Prince Harry is right to warn about gaming addiction

Our readers write about gaming addiction, Indonesian elections, Bollywood, and Saudi Arabia's new ambassador to the US

An attendee plays the PlayerUnknown's Battlegrounds (PUBG) game on a Samsung Electronics Co. Galaxy Note 9 smartphone during SK Telecom Co.'s 5GX Game Festival in Goyang, South Korea, on Friday, Aug. 10, 2018. Professional video gaming began in South Korea more than a decade ago, and has given rise to leagues that now pack stadiums and draw hundreds of thousands of eyeballs to Twitch livestreams for tournaments. Photographer: Jean Chung/Bloomberg
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I write in reference to Farah Andrews' article Prince Harry talks the dark side of social media and games like Fortnite (April 7). It is heartening to see Prince Harry address the issue of mental health, particularly in relation to gaming. This addiction is now classified as a mental disorder. Online multiplayer games are especially addictive as they never seem to end. Gamers may also experience eye fatigue, headaches, low appetite and general exhaustion, if they stare at their screens for too long. As parents, we absolutely must put our foot down where excessive gaming is concerned. Early intervention can develop a healthier habit of regulated online game use.

Seema Anjum, UAE

The Indonesian elections are a referendum on Widodo

I write in reference to Nicky Harley's article Indonesia election: Voting begins in the world's biggest single-day polls (April 17). On Wednesday, Indonesia held elections for its president, legislature, and hundreds of regional governments. The elections are not only a referendum on the first term of President Joko Widodo, they are also an opportunity for hundreds of millions of citizens in the world's fourth most populous democracy to participate in the political process. Amidst increasing concerns that the current government has clamped down on freedom of expression, the elections are a reminder that Indonesians still have a direct say in the future of their country.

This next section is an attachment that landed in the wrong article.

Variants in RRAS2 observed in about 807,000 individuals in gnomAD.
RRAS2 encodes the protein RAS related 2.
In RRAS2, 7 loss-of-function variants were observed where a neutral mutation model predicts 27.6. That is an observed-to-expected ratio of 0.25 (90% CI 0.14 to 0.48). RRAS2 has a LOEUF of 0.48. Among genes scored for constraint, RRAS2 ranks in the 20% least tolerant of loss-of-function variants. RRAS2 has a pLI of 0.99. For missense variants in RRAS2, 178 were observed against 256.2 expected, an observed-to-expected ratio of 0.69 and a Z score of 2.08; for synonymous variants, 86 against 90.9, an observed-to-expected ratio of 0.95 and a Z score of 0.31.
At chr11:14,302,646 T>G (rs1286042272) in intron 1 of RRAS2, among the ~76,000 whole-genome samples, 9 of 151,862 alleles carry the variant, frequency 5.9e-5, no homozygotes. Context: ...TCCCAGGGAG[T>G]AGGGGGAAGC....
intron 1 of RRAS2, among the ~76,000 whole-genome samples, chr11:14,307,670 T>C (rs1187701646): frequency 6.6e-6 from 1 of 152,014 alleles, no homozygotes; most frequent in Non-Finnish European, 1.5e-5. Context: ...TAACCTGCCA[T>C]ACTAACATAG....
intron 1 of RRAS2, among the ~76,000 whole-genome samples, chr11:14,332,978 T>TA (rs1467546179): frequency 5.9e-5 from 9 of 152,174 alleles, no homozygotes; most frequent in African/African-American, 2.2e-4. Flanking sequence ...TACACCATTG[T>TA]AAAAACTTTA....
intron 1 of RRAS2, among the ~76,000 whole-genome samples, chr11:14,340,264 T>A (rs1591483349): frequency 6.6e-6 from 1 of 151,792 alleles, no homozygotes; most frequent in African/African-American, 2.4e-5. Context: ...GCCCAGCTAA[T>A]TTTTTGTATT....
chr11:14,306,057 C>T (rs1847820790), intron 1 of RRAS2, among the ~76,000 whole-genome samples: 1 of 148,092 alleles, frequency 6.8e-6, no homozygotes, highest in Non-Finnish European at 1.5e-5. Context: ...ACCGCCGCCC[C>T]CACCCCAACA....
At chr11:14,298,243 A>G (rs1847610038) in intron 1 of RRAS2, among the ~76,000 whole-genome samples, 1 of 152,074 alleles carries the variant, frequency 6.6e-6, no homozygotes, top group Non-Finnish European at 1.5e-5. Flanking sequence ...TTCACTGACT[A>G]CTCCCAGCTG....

Tom Pepinsky, USA

Movie stars and politicians have much in common

I write to you in reference to Vishwas Kulkarni's article When movie stars become politicians – Bollywood's tryst with the Indian election (April 16). Not only has Bollywood dominated Indian politics for decades, I believe the same can be said about Hollywood's influence in the US. Today, politics attracts more and more professionals that seek fame and money, which explains why actors and politicians have so much in common.

In recent history, Bihar’s popular actor-turned-politician Shot Gun Shatrughan Sinha left his old party, the BJP, after three decades, and joined Congress. The whole affair is just like the plot of a movie.

K Ragavan, Bengaluru

Saudi Arabia is on the right path for gender equality

I write to you in reference to Mina Aldroubi's article Saudi Princess Reema bint Bandar sworn in as Kingdom's ambassador to Washington (April 16). Congratulations to the Kingdom of Saudi Arabia for its very first female ambassador. I believe this is a powerful gesture towards gender equality in the kingdom.

Llagas Totay, Kuwait